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Title: The ANSTO – University of Wollongong in-situ 14C extraction laboratory
Authors: Fülöp, RH
Fink, D
Yang, B
Codilean, AY
Smith, AM
Wacker, L
Levchenko, VA
Dunai, TJ
Keywords: In-situ processing
Carbon 14
Issue Date: 1-Jan-2019
Publisher: Elsevier
Citation: Fülöp, R.-H., Fink, D., Yang, B., Codilean, A. T., Smith, A., Wacker, L., Levchenko, V., & Dunai, T. J. (2019). The ANSTO – University of Wollongong in-situ 14C extraction laboratory. Paper presented at 14th triennial International Conference on Accelerator Mass Spectrometry (AMS), Ottawa, Canada, August 14-18, 2017. In Kieser, W., Clark, I., Zhao, X., Crann, C., Gosse, J., Rehn, L. (eds) Nuclear Instruments and Methods in Physics Research Section B: Beam Interactions with Materials and Atoms, Special Issue, 438, 207-213. doi:10.1016/j.nimb.2018.04.018
Abstract: We present our first 14C in-situ results for calibration and system blanks from the recently completed Australian Nuclear Science and Technology Organisation (ANSTO) – University of Wollongong (UOW) in-situ 14C extraction system. System performance parameters and quality is evidenced by low 14C blanks and good reproducibility for multiple targets from different reference materials. The 14C extraction scheme exploits the high temperature phase transformation of quartz to cristobalite in order to quantitatively extract the carbon as CO2. The in-situ 14C extraction system comprises three independently operated and modular units that are used for initial in-vacuo removal of meteoric 14C, followed by offline high-temperature heating of quartz to release trapped cosmogenic in-situ 14C, and finally CO2 gas purification and mass measurement. The design allows for rapid sample throughput of about 6 samples per week with samples masses ranging between 0.5 and 4 g of clean quartz. Other features include single-pass catalytic oxidation using mixed copper (I,II) oxide as catalyst, use of UHV-compatible components and of vacuum annealed copper tubing. We present results for sets of purified quartz samples prepared from CRONUS-A, CRONUS-R and CRONUS-N inter-comparison materials, with final averages consistent with published values. Following extraction and cleaning, CO2 gas aliquots for some of the samples were analysed using the ETH Zürich CO2 gas ion source at the ETH MICADAS AMS facility in addition to CO2 being graphitised using the ANSTO laser-heated graphitisation micro-furnace and then analysed on ANSTO’s ANTARES AMS facility. System blanks using either CO2 or graphite ion-sources at both facilities are on the order of ∼1 × 104 atoms. © 2018 Elsevier B.V.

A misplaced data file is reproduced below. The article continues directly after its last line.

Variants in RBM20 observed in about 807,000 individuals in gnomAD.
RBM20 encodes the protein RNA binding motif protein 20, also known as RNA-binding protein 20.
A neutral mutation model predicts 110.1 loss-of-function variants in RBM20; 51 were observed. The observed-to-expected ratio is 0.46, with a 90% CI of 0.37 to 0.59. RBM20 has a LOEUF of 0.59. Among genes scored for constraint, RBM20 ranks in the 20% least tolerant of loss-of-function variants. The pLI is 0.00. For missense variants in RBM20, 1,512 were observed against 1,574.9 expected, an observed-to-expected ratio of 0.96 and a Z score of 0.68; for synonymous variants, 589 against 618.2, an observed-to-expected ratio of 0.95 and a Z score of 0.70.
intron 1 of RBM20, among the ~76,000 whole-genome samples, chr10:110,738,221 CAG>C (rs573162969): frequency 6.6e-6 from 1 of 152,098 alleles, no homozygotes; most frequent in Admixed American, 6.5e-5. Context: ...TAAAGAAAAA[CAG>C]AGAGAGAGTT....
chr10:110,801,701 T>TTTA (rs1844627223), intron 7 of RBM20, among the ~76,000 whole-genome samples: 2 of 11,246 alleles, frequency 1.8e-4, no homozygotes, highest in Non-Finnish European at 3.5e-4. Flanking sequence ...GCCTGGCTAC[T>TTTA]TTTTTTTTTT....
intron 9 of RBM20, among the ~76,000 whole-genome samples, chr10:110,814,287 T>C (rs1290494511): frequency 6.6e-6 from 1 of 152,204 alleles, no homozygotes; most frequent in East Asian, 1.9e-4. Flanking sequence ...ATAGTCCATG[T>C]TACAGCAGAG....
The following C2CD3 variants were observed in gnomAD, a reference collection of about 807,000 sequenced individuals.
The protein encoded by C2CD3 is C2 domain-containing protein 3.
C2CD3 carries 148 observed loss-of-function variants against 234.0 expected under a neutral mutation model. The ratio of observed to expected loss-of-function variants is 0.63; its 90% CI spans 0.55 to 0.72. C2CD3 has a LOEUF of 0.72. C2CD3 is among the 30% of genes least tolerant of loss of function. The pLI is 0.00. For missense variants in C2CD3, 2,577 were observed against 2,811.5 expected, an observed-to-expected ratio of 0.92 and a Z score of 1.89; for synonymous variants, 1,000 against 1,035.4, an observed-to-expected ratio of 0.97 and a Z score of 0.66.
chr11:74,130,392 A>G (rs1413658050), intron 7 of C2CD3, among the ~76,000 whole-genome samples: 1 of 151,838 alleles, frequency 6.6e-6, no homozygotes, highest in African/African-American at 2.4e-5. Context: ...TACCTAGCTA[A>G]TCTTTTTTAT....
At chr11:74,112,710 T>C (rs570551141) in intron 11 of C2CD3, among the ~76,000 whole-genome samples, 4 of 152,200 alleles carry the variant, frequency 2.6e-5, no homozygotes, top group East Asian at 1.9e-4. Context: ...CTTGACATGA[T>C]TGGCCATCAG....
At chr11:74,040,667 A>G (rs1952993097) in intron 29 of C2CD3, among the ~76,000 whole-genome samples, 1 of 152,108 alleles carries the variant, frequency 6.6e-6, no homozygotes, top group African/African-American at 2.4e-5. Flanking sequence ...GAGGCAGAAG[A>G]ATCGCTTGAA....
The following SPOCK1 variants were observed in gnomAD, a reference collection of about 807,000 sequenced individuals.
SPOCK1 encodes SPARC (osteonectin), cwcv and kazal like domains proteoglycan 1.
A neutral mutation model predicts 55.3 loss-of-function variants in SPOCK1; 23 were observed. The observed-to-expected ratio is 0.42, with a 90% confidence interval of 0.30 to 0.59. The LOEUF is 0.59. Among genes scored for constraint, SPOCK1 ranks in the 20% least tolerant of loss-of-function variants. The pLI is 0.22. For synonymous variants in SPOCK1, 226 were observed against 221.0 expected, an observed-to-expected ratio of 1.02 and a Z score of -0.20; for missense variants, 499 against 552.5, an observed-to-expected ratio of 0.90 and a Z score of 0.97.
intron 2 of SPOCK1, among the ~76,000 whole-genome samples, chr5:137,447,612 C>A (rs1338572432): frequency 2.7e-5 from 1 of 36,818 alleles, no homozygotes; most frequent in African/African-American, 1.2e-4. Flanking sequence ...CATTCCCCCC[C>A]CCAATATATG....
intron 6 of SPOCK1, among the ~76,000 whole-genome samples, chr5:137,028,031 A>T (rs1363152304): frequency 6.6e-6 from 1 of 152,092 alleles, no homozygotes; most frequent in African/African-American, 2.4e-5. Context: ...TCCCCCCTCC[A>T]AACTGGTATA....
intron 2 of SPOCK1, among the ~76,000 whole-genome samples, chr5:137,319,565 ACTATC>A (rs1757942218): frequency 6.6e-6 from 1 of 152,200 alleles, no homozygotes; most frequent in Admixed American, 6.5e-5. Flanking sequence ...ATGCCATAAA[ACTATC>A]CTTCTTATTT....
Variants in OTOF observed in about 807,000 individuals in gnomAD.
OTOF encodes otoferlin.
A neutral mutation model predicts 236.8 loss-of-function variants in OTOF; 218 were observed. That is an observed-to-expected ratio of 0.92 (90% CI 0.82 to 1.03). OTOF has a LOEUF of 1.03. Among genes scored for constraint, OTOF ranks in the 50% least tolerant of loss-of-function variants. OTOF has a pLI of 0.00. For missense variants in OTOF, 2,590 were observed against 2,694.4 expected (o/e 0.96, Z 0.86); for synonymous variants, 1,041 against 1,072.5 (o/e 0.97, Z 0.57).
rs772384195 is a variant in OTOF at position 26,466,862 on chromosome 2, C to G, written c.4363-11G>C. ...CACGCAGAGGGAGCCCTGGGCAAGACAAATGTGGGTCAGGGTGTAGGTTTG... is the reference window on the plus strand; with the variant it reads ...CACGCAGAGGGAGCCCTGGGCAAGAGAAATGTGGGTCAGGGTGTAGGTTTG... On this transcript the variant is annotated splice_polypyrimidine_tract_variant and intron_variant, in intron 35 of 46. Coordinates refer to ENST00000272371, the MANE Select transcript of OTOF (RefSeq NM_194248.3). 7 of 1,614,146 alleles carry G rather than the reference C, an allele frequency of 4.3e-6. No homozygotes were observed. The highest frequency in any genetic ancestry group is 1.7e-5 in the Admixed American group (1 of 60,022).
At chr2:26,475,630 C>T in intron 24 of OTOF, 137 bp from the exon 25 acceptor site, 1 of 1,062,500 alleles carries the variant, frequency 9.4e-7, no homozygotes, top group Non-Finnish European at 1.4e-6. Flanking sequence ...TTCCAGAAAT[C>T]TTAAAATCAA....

ISSN: 0168-583X
Appears in Collections:Conference Publications

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